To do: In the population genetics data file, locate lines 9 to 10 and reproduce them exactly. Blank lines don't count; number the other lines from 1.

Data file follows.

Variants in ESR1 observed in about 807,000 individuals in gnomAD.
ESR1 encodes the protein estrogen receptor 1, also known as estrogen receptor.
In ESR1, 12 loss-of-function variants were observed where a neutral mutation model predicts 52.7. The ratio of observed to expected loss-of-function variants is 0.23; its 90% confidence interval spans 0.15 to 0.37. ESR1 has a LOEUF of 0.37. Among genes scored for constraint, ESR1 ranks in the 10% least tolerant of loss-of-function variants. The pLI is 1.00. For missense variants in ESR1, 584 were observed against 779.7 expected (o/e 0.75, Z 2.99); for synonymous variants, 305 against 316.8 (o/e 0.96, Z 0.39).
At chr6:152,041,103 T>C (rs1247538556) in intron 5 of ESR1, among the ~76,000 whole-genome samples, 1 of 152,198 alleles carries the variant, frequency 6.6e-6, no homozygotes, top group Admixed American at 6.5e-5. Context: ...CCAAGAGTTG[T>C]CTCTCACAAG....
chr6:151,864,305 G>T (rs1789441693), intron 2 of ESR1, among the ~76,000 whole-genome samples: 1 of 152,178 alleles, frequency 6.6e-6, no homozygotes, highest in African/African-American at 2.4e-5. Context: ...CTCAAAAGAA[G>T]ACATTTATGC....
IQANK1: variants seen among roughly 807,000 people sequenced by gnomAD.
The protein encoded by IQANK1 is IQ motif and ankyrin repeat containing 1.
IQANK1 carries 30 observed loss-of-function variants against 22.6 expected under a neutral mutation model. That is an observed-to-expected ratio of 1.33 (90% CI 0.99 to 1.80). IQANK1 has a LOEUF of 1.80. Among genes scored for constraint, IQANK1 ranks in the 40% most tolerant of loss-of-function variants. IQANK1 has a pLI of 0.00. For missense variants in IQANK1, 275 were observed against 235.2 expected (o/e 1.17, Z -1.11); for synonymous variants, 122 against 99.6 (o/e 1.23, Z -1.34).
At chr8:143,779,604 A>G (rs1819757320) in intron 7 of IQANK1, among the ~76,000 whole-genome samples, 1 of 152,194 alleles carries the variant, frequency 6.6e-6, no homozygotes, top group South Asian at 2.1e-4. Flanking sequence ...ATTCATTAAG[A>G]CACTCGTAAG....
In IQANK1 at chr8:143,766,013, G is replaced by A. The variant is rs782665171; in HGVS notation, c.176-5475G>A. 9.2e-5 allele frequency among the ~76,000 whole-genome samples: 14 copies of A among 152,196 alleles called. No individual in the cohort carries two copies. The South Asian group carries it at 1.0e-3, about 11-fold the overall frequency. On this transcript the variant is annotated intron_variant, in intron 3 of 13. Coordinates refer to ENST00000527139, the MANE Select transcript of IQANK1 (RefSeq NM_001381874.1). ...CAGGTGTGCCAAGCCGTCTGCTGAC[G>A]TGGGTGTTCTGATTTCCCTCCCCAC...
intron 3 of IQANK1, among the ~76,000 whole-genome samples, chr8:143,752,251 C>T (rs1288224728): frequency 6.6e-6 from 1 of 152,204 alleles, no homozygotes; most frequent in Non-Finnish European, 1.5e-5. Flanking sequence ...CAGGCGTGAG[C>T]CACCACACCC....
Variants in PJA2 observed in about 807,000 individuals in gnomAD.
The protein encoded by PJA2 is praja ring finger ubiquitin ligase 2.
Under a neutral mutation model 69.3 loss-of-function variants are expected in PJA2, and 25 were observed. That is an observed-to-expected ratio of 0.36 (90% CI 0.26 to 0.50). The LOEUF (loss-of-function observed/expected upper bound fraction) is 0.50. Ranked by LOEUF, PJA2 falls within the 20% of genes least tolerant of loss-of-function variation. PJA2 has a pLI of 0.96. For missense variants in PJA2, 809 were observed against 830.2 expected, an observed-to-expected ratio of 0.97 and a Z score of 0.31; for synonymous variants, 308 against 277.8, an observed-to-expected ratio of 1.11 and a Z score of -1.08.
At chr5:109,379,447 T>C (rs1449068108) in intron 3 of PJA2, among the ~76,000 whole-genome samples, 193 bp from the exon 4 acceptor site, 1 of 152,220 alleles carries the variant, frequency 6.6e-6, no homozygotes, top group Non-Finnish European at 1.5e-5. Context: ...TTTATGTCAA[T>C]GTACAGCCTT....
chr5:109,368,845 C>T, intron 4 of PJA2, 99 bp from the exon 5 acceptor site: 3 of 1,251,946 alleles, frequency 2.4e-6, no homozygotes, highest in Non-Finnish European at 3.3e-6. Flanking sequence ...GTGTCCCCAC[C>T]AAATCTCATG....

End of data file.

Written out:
At chr8:143,779,604 A>G (rs1819757320) in intron 7 of IQANK1, among the ~76,000 whole-genome samples, 1 of 152,194 alleles carries the variant, frequency 6.6e-6, no homozygotes, top group South Asian at 2.1e-4. Flanking sequence ...ATTCATTAAG[A>G]CACTCGTAAG....
In IQANK1 at chr8:143,766,013, G is replaced by A. The variant is rs782665171; in HGVS notation, c.176-5475G>A. 9.2e-5 allele frequency among the ~76,000 whole-genome samples: 14 copies of A among 152,196 alleles called. No individual in the cohort carries two copies. The South Asian group carries it at 1.0e-3, about 11-fold the overall frequency. On this transcript the variant is annotated intron_variant, in intron 3 of 13. Coordinates refer to ENST00000527139, the MANE Select transcript of IQANK1 (RefSeq NM_001381874.1). ...CAGGTGTGCCAAGCCGTCTGCTGAC[G>A]TGGGTGTTCTGATTTCCCTCCCCAC...